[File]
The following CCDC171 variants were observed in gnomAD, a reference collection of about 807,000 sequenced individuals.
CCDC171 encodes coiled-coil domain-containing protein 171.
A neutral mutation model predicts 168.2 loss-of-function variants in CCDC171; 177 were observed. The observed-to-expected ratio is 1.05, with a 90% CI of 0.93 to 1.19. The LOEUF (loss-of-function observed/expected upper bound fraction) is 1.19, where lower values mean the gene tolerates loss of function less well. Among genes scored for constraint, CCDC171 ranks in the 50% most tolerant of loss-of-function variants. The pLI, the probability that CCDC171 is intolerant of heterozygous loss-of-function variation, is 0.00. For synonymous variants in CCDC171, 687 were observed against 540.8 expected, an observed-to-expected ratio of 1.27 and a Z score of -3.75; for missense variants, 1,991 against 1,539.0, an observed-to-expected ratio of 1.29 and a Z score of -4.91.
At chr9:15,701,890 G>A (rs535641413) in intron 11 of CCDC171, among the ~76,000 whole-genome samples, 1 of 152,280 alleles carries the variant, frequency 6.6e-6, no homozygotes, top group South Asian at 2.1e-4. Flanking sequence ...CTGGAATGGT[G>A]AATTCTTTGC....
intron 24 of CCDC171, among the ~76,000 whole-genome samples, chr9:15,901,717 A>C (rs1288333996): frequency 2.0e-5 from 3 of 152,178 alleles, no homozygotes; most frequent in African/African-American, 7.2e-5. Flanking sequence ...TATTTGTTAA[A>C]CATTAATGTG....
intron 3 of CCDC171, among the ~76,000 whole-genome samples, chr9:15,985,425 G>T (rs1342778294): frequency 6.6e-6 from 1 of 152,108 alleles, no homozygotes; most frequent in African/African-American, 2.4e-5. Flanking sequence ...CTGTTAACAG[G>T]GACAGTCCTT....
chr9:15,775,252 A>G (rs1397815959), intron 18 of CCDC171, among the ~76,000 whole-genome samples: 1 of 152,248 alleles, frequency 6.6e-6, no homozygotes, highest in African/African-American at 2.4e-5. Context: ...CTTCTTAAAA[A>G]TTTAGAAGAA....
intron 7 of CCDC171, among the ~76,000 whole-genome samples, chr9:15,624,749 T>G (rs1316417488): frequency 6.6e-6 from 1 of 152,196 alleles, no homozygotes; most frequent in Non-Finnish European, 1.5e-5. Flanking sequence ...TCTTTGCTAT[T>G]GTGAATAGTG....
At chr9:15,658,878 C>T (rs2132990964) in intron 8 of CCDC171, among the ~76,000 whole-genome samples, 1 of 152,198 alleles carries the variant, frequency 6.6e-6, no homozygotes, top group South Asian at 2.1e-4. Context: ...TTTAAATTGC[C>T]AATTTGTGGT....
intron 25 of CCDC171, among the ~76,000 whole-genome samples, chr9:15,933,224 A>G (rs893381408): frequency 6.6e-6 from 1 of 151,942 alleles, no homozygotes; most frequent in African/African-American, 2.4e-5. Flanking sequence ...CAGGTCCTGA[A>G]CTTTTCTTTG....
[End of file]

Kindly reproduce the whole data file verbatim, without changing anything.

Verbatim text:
The following CCDC171 variants were observed in gnomAD, a reference collection of about 807,000 sequenced individuals.
CCDC171 encodes coiled-coil domain-containing protein 171.
A neutral mutation model predicts 168.2 loss-of-function variants in CCDC171; 177 were observed. The observed-to-expected ratio is 1.05, with a 90% CI of 0.93 to 1.19. The LOEUF (loss-of-function observed/expected upper bound fraction) is 1.19, where lower values mean the gene tolerates loss of function less well. Among genes scored for constraint, CCDC171 ranks in the 50% most tolerant of loss-of-function variants. The pLI, the probability that CCDC171 is intolerant of heterozygous loss-of-function variation, is 0.00. For synonymous variants in CCDC171, 687 were observed against 540.8 expected, an observed-to-expected ratio of 1.27 and a Z score of -3.75; for missense variants, 1,991 against 1,539.0, an observed-to-expected ratio of 1.29 and a Z score of -4.91.
At chr9:15,701,890 G>A (rs535641413) in intron 11 of CCDC171, among the ~76,000 whole-genome samples, 1 of 152,280 alleles carries the variant, frequency 6.6e-6, no homozygotes, top group South Asian at 2.1e-4. Flanking sequence ...CTGGAATGGT[G>A]AATTCTTTGC....
intron 24 of CCDC171, among the ~76,000 whole-genome samples, chr9:15,901,717 A>C (rs1288333996): frequency 2.0e-5 from 3 of 152,178 alleles, no homozygotes; most frequent in African/African-American, 7.2e-5. Flanking sequence ...TATTTGTTAA[A>C]CATTAATGTG....
intron 3 of CCDC171, among the ~76,000 whole-genome samples, chr9:15,985,425 G>T (rs1342778294): frequency 6.6e-6 from 1 of 152,108 alleles, no homozygotes; most frequent in African/African-American, 2.4e-5. Flanking sequence ...CTGTTAACAG[G>T]GACAGTCCTT....
chr9:15,775,252 A>G (rs1397815959), intron 18 of CCDC171, among the ~76,000 whole-genome samples: 1 of 152,248 alleles, frequency 6.6e-6, no homozygotes, highest in African/African-American at 2.4e-5. Context: ...CTTCTTAAAA[A>G]TTTAGAAGAA....
intron 7 of CCDC171, among the ~76,000 whole-genome samples, chr9:15,624,749 T>G (rs1316417488): frequency 6.6e-6 from 1 of 152,196 alleles, no homozygotes; most frequent in Non-Finnish European, 1.5e-5. Flanking sequence ...TCTTTGCTAT[T>G]GTGAATAGTG....
At chr9:15,658,878 C>T (rs2132990964) in intron 8 of CCDC171, among the ~76,000 whole-genome samples, 1 of 152,198 alleles carries the variant, frequency 6.6e-6, no homozygotes, top group South Asian at 2.1e-4. Context: ...TTTAAATTGC[C>T]AATTTGTGGT....
intron 25 of CCDC171, among the ~76,000 whole-genome samples, chr9:15,933,224 A>G (rs893381408): frequency 6.6e-6 from 1 of 151,942 alleles, no homozygotes; most frequent in African/African-American, 2.4e-5. Flanking sequence ...CAGGTCCTGA[A>G]CTTTTCTTTG....